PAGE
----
How 4D Printing Works

Self-folding Origami
A team from Harvard created an orchid that took shape when placed in water.
A team from Harvard created an orchid that took shape when placed in water.
Courtesy of Wyss Institute at Harvard University

When Tibbits mentioned his idea to the folks at Stratasys, a Minnesota-based 3-D printing company, they showed him a material that could grow 150 percent when submerged in water. Water offers a promising means by which to manipulate 4-D objects, since nature provides numerous working models of objects that change shape in response to moisture. We call them plants.

Plants exhibit tropisms, tendencies to grow in certain ways based on environmental factors, such as sunlight (phototropism), water (hydrotropism), gravity (gravitropism), chemicals (chemotropism) and even physical contact (thigmotropism). For example, plants tend to bend toward sunlight because sunlight kills hormones called auxins that encourage growth. Consequently, the side of a plant facing away from the sun grows faster than the side facing it, causing the plant to bend toward the light. With a little imagination, it's easy to see how we might similarly bend the physics that link materials, environments and energy to do our bidding.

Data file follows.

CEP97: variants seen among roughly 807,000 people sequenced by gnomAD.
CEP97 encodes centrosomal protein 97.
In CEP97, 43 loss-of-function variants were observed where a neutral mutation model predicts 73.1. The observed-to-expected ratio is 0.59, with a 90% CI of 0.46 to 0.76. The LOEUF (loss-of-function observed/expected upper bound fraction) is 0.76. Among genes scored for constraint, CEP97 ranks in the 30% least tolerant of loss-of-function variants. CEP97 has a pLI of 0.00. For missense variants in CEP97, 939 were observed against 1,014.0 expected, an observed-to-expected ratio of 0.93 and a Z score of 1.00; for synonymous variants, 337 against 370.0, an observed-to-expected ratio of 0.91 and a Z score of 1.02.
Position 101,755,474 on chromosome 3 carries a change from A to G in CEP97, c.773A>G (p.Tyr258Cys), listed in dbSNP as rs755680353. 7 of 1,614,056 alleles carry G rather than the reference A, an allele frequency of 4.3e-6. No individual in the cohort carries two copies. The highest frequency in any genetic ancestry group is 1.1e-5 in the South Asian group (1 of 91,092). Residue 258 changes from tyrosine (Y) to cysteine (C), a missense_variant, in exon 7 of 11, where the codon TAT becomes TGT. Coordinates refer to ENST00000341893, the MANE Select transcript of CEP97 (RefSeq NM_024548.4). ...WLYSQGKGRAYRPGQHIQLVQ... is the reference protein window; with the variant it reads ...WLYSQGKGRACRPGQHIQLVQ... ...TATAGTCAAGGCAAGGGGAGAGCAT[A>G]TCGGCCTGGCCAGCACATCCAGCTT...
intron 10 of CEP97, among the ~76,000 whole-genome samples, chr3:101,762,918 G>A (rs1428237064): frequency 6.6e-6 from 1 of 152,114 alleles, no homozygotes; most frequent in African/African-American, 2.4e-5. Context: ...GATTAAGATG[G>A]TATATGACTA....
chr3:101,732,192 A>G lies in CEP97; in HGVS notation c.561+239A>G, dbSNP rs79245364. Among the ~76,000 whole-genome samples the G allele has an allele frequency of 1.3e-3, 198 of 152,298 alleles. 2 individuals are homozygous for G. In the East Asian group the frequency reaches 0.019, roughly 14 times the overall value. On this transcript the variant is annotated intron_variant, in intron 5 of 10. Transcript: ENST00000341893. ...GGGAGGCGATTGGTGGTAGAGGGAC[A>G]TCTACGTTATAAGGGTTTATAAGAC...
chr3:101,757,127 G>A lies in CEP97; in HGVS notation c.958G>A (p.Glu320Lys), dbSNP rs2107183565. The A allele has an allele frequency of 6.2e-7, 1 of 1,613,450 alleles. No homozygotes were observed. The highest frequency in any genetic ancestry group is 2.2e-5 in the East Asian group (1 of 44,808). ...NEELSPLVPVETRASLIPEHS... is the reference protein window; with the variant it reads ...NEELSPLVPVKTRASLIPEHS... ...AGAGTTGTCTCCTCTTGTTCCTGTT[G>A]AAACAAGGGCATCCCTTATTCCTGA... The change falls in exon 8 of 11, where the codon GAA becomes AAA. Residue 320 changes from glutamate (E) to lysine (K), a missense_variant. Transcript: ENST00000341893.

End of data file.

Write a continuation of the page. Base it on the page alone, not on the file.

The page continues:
Given the inspiration that plants have provided 4-D printing researchers, it's perhaps not surprising that a Harvard team made news in 2016 by creating a 4-D-printed "orchid" that assumed its namesake's shape when placed in water. The flower was printed using a hydrogel composite, which was piped, layer after layer, like icing from a pastry bag, onto the print bed [source: McAlpine].

Two aspects of the printing process explain the flower's behavior. First is the use of hydrogel, which can absorb large amounts of water. The second is the fact that the composite also contained cellulose fibrils — small, strong fibers essential to plant structure. Because the cellulose always flowed in a known direction, the team could carefully pattern it to control which parts of the flower could swell up and which parts would remain stiff once exposed to water [source: McAlpine].

No doubt, as time goes by we'll see many more experiments using a variety of other materials, such as conductors for flexible and dynamic electric circuits. But we'll also likely see the term 4-D printing, like most buzzwords, take on a life of its own, expanding to comprise a wider array of topics. For example, one company, Nervous System, describes its novel technique for 3-D printing clothing — which creates clothes from cleverly arranged nylon petals connected by joints— as "4-D printing" [source: Rosencranz].

Let's look at a few other potential 4-D futures.

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